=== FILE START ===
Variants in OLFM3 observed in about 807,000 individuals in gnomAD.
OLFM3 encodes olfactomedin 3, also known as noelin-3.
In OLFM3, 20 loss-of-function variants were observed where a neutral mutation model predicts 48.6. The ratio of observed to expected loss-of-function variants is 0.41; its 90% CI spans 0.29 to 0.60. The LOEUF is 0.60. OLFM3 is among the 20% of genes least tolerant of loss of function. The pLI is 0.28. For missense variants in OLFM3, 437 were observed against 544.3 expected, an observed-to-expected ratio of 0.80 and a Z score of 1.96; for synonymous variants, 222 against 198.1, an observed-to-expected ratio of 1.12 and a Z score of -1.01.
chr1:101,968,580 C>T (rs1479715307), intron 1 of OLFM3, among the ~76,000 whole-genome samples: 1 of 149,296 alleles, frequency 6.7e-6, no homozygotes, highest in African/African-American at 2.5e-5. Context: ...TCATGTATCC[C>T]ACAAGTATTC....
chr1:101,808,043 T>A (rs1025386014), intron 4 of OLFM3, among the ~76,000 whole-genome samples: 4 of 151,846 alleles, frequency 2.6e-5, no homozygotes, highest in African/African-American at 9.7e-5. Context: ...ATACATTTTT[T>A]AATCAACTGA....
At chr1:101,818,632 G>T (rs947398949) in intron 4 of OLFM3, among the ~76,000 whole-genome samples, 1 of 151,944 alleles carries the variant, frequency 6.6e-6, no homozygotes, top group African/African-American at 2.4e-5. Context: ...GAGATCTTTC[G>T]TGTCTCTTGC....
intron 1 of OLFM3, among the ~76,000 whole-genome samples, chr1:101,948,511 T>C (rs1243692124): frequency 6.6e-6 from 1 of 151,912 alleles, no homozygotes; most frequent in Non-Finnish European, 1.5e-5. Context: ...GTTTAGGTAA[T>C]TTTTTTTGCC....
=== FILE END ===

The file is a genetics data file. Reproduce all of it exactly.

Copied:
Variants in OLFM3 observed in about 807,000 individuals in gnomAD.
OLFM3 encodes olfactomedin 3, also known as noelin-3.
In OLFM3, 20 loss-of-function variants were observed where a neutral mutation model predicts 48.6. The ratio of observed to expected loss-of-function variants is 0.41; its 90% CI spans 0.29 to 0.60. The LOEUF is 0.60. OLFM3 is among the 20% of genes least tolerant of loss of function. The pLI is 0.28. For missense variants in OLFM3, 437 were observed against 544.3 expected, an observed-to-expected ratio of 0.80 and a Z score of 1.96; for synonymous variants, 222 against 198.1, an observed-to-expected ratio of 1.12 and a Z score of -1.01.
chr1:101,968,580 C>T (rs1479715307), intron 1 of OLFM3, among the ~76,000 whole-genome samples: 1 of 149,296 alleles, frequency 6.7e-6, no homozygotes, highest in African/African-American at 2.5e-5. Context: ...TCATGTATCC[C>T]ACAAGTATTC....
chr1:101,808,043 T>A (rs1025386014), intron 4 of OLFM3, among the ~76,000 whole-genome samples: 4 of 151,846 alleles, frequency 2.6e-5, no homozygotes, highest in African/African-American at 9.7e-5. Context: ...ATACATTTTT[T>A]AATCAACTGA....
At chr1:101,818,632 G>T (rs947398949) in intron 4 of OLFM3, among the ~76,000 whole-genome samples, 1 of 151,944 alleles carries the variant, frequency 6.6e-6, no homozygotes, top group African/African-American at 2.4e-5. Context: ...GAGATCTTTC[G>T]TGTCTCTTGC....
intron 1 of OLFM3, among the ~76,000 whole-genome samples, chr1:101,948,511 T>C (rs1243692124): frequency 6.6e-6 from 1 of 151,912 alleles, no homozygotes; most frequent in Non-Finnish European, 1.5e-5. Context: ...GTTTAGGTAA[T>C]TTTTTTTGCC....